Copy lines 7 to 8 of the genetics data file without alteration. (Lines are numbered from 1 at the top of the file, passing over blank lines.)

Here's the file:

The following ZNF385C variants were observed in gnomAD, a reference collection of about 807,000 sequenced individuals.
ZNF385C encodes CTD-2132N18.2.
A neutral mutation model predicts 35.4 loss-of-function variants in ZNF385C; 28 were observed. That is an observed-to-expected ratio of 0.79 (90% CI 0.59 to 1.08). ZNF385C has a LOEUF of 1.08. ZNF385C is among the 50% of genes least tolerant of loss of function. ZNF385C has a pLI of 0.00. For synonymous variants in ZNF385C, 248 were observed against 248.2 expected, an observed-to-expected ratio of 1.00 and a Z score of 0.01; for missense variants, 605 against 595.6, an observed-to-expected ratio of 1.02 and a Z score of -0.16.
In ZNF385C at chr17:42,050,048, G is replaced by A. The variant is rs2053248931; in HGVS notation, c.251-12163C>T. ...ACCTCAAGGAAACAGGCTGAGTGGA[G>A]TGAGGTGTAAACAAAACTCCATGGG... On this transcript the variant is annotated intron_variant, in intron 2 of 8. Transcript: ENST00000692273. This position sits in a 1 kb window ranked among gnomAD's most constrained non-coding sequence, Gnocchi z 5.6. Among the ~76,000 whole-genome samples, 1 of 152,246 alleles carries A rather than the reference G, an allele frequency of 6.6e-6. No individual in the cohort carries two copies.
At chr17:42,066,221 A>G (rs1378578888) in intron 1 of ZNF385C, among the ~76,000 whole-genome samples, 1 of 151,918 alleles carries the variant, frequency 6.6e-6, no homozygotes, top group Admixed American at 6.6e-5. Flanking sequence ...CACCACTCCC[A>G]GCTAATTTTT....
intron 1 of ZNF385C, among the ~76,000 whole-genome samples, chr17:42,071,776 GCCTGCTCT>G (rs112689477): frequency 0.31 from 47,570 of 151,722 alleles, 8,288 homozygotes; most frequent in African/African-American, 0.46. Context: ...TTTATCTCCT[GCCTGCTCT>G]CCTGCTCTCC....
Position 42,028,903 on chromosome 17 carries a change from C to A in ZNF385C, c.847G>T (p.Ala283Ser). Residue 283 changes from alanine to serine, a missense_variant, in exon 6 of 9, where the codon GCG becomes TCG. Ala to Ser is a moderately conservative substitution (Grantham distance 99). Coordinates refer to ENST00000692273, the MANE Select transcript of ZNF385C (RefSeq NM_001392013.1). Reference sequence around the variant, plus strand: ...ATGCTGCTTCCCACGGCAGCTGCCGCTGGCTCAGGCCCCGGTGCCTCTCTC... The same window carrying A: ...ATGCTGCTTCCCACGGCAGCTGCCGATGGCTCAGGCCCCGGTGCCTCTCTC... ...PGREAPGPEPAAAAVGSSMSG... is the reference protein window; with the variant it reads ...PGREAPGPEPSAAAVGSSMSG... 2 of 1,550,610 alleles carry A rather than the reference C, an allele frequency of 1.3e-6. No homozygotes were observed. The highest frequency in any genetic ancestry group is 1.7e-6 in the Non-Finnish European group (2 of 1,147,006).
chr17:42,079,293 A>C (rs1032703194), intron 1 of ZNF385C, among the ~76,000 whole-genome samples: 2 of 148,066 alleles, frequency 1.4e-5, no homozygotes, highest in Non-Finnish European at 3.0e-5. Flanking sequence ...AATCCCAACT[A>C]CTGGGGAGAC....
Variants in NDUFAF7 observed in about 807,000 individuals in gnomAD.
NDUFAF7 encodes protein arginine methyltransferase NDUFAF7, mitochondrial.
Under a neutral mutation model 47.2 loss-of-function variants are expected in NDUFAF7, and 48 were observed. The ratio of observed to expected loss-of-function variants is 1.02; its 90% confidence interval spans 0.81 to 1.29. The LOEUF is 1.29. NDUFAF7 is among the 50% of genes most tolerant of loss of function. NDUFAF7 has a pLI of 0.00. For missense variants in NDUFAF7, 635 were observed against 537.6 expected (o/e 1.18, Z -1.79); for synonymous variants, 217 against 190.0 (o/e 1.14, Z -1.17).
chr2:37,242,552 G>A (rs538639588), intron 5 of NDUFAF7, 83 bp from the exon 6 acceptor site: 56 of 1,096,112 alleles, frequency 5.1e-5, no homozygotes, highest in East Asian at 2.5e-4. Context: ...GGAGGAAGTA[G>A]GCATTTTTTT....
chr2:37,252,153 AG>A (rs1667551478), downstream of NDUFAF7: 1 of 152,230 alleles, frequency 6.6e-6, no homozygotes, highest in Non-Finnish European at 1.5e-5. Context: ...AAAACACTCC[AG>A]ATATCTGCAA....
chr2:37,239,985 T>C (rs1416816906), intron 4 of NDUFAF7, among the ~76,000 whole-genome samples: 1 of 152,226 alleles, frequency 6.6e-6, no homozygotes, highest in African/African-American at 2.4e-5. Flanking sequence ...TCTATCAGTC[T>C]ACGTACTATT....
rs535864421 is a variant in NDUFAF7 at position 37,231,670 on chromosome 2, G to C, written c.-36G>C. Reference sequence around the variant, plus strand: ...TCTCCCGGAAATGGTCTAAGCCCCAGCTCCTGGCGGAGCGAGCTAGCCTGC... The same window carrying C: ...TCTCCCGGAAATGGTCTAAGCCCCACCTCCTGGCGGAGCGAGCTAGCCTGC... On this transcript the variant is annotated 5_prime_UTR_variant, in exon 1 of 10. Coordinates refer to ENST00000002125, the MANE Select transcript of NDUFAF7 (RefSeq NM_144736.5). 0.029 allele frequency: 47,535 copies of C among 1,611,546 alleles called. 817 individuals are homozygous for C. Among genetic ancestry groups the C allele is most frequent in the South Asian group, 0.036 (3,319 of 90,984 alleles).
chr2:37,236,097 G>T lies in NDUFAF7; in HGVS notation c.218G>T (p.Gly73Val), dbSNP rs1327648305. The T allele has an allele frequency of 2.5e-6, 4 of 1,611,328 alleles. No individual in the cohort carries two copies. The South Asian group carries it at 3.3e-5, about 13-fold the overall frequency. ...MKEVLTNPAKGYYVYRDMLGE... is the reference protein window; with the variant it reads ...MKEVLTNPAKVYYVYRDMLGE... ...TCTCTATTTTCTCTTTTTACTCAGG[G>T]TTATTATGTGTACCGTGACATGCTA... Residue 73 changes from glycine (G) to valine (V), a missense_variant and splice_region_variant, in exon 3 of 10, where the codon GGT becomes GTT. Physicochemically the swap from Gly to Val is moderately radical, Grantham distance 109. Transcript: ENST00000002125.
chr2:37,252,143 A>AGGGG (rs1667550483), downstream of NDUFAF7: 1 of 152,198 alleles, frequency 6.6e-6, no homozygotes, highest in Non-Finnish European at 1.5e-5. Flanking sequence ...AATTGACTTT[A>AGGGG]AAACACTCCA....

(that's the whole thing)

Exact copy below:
Position 42,028,903 on chromosome 17 carries a change from C to A in ZNF385C, c.847G>T (p.Ala283Ser). Residue 283 changes from alanine to serine, a missense_variant, in exon 6 of 9, where the codon GCG becomes TCG. Ala to Ser is a moderately conservative substitution (Grantham distance 99). Coordinates refer to ENST00000692273, the MANE Select transcript of ZNF385C (RefSeq NM_001392013.1). Reference sequence around the variant, plus strand: ...ATGCTGCTTCCCACGGCAGCTGCCGCTGGCTCAGGCCCCGGTGCCTCTCTC... The same window carrying A: ...ATGCTGCTTCCCACGGCAGCTGCCGATGGCTCAGGCCCCGGTGCCTCTCTC... ...PGREAPGPEPAAAAVGSSMSG... is the reference protein window; with the variant it reads ...PGREAPGPEPSAAAVGSSMSG... 2 of 1,550,610 alleles carry A rather than the reference C, an allele frequency of 1.3e-6. No homozygotes were observed. The highest frequency in any genetic ancestry group is 1.7e-6 in the Non-Finnish European group (2 of 1,147,006).
chr17:42,079,293 A>C (rs1032703194), intron 1 of ZNF385C, among the ~76,000 whole-genome samples: 2 of 148,066 alleles, frequency 1.4e-5, no homozygotes, highest in Non-Finnish European at 3.0e-5. Flanking sequence ...AATCCCAACT[A>C]CTGGGGAGAC....